Idea: puns in simple patterns

But auto ref/deref may work for Foo { bar } but it does not work for Foo { mut bar }.

It would be cool to see Foo { &bar, &mut baz } but I wonder what would happened to Foo { bar? } or Foo { baz.await } or Foo { bar.field }?

That’s why I like @petrochenkov’s proposal from above, namely that we do a transformation like this:

Given a struct Foo defined like this:

Foo {
  field0: T0,
  field1: T1,
  fieldN: TN,

and the following struct literal:

Foo { expr0, expr1, ..., exprN }

where the only identifier in expr0 is field0, in expr1 is field1, …, in exprN is fieldN, then we desugar to the following struct literal:

Foo {
  field0: expr0,
  field1: expr1,
  fieldN: exprN,

I can very easily see that leading to errors. Consider math on a vector or matrix that wants to intentionally shuffle around components, for instance.

Also, just to confirm, would “one identifier” rule out dotted expressions like this?

struct V3 { x: f64, y: f64, z: f64 }
fn shuffle(v: V3) -> V3 {
    V3 { v.y, v.z, v.x }

I can easily see a C programmer writing that, because C allows initializing structs positionally.This needs to continue producing an error, rather than incorrectly producing an identity function.

I can easily imagine the same kind of error with expressions that have only one identifier.

(Even for the existing field punning, I can imagine code that will erroneously compile; I’d favor having, for instance, a lint for cases that involve structs containing entirely fields of the same type and same-length short names where the field puns appear out of order.)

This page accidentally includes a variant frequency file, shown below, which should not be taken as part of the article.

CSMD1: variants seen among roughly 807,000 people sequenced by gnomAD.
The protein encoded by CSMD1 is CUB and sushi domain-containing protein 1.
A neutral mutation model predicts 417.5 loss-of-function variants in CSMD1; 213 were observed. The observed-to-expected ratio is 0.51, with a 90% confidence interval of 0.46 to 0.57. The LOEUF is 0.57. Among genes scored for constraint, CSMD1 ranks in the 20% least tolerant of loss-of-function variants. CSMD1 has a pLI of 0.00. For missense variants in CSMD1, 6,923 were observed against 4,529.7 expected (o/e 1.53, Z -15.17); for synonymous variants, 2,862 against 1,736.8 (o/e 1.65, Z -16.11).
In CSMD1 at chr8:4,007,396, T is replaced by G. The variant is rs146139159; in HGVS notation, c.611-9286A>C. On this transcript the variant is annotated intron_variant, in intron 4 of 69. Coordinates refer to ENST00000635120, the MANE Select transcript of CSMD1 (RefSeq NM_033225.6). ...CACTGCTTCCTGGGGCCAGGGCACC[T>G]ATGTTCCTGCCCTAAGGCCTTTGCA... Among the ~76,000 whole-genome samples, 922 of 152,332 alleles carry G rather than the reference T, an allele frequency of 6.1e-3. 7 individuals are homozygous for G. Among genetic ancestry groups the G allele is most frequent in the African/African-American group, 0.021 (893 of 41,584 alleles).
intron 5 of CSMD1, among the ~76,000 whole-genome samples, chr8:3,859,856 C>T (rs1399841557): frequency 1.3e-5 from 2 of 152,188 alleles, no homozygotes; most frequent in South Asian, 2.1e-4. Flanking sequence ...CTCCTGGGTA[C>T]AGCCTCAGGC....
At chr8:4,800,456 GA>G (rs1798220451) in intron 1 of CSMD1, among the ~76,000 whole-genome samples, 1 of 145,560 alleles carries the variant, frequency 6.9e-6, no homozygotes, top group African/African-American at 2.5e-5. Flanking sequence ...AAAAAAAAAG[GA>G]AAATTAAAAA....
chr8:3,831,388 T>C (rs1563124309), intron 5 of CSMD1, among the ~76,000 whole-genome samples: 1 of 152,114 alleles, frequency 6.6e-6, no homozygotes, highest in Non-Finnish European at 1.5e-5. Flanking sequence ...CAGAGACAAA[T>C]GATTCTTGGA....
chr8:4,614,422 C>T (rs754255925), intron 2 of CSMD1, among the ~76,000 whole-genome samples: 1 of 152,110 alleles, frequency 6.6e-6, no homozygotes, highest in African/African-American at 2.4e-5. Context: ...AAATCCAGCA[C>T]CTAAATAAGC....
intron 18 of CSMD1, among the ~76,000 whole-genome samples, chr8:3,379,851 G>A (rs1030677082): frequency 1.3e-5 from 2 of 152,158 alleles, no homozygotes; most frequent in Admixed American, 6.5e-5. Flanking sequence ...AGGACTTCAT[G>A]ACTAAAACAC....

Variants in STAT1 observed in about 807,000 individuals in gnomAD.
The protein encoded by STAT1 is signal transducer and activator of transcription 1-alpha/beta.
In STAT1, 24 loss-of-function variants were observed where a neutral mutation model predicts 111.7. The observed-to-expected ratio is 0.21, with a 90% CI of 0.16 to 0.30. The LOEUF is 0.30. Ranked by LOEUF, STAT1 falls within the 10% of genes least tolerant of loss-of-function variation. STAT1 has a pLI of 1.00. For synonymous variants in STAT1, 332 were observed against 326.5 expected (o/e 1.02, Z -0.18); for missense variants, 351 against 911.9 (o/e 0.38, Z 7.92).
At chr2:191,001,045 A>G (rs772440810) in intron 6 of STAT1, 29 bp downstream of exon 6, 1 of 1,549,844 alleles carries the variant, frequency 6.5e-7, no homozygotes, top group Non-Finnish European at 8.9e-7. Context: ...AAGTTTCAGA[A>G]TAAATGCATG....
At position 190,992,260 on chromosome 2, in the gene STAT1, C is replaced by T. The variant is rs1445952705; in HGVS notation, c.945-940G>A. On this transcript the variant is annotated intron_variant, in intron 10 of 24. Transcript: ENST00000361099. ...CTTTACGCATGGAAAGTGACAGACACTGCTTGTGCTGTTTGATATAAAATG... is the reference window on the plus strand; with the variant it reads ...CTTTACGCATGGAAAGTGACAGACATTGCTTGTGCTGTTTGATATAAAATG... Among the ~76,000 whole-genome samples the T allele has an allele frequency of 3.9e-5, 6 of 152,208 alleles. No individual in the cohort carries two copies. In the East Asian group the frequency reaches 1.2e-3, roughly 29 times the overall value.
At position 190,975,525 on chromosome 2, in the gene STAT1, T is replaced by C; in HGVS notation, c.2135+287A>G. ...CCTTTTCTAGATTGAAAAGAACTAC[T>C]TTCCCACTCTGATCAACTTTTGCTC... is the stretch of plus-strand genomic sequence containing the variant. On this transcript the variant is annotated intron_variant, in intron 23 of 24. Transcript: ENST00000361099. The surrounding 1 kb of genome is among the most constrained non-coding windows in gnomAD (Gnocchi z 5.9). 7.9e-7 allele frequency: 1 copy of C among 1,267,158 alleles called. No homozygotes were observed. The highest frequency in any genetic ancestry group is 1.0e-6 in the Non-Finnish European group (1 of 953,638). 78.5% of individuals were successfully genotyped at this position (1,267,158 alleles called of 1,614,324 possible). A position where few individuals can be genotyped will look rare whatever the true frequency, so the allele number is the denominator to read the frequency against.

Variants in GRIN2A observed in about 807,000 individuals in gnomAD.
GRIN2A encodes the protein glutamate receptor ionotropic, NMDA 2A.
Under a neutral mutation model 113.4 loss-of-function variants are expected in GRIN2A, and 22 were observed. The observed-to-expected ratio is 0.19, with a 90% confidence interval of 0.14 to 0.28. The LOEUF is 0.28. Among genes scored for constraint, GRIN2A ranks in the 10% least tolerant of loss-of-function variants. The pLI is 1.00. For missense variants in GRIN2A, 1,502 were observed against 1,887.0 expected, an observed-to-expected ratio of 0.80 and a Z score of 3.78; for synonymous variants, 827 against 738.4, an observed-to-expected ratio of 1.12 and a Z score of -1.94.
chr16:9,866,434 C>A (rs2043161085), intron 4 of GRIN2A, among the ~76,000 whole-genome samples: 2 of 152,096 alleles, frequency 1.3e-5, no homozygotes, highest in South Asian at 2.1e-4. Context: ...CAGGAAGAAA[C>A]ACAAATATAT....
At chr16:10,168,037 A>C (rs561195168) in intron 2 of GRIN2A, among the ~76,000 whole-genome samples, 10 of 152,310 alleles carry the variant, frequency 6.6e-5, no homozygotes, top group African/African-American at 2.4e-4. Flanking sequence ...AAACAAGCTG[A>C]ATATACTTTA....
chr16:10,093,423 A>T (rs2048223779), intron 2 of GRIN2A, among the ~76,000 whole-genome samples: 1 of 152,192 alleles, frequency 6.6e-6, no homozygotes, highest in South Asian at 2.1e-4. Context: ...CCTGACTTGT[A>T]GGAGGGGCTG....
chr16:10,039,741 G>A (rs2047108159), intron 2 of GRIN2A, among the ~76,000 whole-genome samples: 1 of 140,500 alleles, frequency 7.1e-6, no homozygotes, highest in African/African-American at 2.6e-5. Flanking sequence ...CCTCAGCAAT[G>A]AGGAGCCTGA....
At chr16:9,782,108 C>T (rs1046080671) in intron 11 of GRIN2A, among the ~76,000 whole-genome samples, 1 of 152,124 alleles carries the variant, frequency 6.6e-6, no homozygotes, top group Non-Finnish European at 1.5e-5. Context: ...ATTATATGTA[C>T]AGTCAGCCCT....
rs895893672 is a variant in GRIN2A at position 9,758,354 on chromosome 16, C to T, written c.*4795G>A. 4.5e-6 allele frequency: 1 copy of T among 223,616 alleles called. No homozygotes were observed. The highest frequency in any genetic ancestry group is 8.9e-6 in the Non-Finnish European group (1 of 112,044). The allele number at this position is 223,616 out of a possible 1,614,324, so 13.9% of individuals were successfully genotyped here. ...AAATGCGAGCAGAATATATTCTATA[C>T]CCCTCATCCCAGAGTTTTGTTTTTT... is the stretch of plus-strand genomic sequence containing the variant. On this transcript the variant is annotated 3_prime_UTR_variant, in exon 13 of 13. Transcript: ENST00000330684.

I actually made this error with the existing shortcut once.

I needed to swap two fields and wrote something like this:

let s = if lo <= hi {
    S { lo, hi }
} else {
    S { hi, lo }

I can see at least two ways we could catch that with a lint.

The least likely to cause false positives: if you write two struct initializers with field puns in the same function with fields in different orders, lint.

Also, the one I mentioned in the previous post involving an out-of-order struct initializer with field puns that consist entirely of fields with the same name-length and same type. That could lead to false positives, but you can trivially fix those by reordering the fields or by labeling the fields.


It’s apparent that this can cause bugs regardless of what is proposed here, so it’s perhaps not very relevant to this discussion. At least, I don’t see how this proposal makes that situation any worse.

It seems to me that allowing arbitrary expressions (with only the “one identifier” limit) makes bugs more likely.

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My thinking is to disallow the use of dot expressions or keywords. We could also disallow non-unary operators. I think with all of these restrictions we can still improve ergonomics for the most common cases.

I do like the idea of a lint, though.

While I don’t personally have a use for it, I don’t have any strong objection to allowing this for most unary operators, if that would help.

I would find it quite confusing to permit &, though, precisely because of potential confusion with what ref means.

It seems like it would be a bit bizzare to disallow only &, wouldn’t it? Also, I expect & and * to be the most common use cases for this…

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